Tuesday, November 3, 2015

It's time for many Canadians to abandon the 20% down-payment rule

This one’s for the housing true believers out there.

You’re the buyers who keep pushing house prices higher in cities such as Vancouver, Toronto, Hamilton, to name a few. Incomes are edging higher in these cities, prices are surging. If you’re primed to buy anyway, then listen up. Stop trying to save a 20-per-cent down payment and get into the market now.

A popular and sensible bit of financial advice is that you should ideally wait to buy a house until you have a down payment of at least 20 per cent and thus are excused from buying mortgage default insurance. But if it takes a few years to save that much, you may find that soaring prices more than offset the savings on mortgage insurance.

This insurance got a little more expensive in some cases this summer, so it’s time for a fresh look at the case for avoiding the cost of buying it.

Background for housing rookies: If you have a down payment of less than 20 per cent, you have to pay a hefty premium to insure your lender in case you default on your payments. The amount is usually added to your mortgage principal, which means it’s out of sight and out of mind. But it still costs you.

With a down payment of less than 10 per cent (5 per cent is the minimum), the cost of mortgage insurance rose in June to 3.6 per cent of the purchase price from 3.15 per cent. Larger down payments short of 20 per cent were unaffected and range from 2.4 per cent down to 1.8 per cent. You’ll pay provincial sales tax on those amounts in Manitoba, Ontario and Quebec. More importantly, you’ll incur extra interest charges by adding these amounts to your mortgage balance.

Let’s use the average resale house price in Canada to illustrate how much mortgage insurance adds to your costs when buying a first home. The average price in August was $433,367 – a calculator from Canada Mortgage and Housing Corp., a supplier of mortgage insurance, shows that a 10-per-cent down payment would trigger a mortgage insurance premium of $9,361. With that amount added to the mortgage, monthly payments on a five-year fixed mortgage at 2.59 per cent would be $1,807 per month.

With a 20-per-cent down payment, monthly costs on this mortgage fall to $1,569. Total interest over the five-year term of the mortgage falls to $41,390 from $47,681, a difference of $6,291. But would it really be worth postponing your purchase by three years to put 20 per cent down? With the market rising at 5 per cent annually (less than recent increases in Vancouver, Toronto and Hamilton), the chart that goes with this column shows you’d actually end up paying more per month.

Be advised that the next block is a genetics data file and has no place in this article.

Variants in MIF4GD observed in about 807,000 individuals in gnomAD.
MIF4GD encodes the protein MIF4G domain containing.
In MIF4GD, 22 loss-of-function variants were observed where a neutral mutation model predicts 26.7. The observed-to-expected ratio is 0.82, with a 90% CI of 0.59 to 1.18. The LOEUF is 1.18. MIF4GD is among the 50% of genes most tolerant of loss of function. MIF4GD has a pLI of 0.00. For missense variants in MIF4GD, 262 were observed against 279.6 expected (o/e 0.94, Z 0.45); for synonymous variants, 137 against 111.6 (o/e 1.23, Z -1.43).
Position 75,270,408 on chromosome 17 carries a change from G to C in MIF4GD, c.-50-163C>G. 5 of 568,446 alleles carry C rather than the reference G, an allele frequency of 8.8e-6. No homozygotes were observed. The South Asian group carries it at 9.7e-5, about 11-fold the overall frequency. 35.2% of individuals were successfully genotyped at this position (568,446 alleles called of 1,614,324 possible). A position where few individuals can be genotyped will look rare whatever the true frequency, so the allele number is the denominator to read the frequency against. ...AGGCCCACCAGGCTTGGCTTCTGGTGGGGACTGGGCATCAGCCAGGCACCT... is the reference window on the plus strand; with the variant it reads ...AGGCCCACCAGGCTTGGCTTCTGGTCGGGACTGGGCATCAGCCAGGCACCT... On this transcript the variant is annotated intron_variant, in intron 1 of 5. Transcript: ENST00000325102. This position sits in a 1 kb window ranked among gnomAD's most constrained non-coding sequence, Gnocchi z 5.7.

Mortgage rates also have to figure into your thinking on whether to buy now or wait and save more. If we assume 4 per cent average annual price increases over three years and a rise in mortgage rates of one percentage point, you’d have to pay substantially more than if you bought now and paid for mortgage insurance.

If you live in a city with a slow real estate market, it pays to wait and save more. If you waited three years to double your down payment to 20 per cent on the average-priced house and prices rose 2 per cent annually, you’d come out ahead by more than $140 per month.

A June study issued by the Canadian Association of Accredited Mortgage Professionals said the average house down payment for first-time buyers was $67,000. That represents a 21 per cent down payment on the average $318,000 spent by first-timers, and a 15.5-per-cent down payment on the overall average price of $433,367.

The CAAMP study found that 18 per cent of first-time buyers received gifts or loans from family. A thought for parents who want to help their kids get into the market: Try topping up their down payment to reach the 20 per cent threshold. Warning: Parents should avoid this type of financial help if they have to go into debt to provide it, or if it greases the way for their kids to buy a house they can’t properly afford to carry.

Down payments are one of the least strategized parts of home buying, and yet they can have a big impact on your total long-term cost of owning a house. The conventional wisdom about 20-per-cent down payments is right on the money, but not if you’re set on buying in a hot market. Either jump in now or resolve to wait and save indefinitely for sanity to return.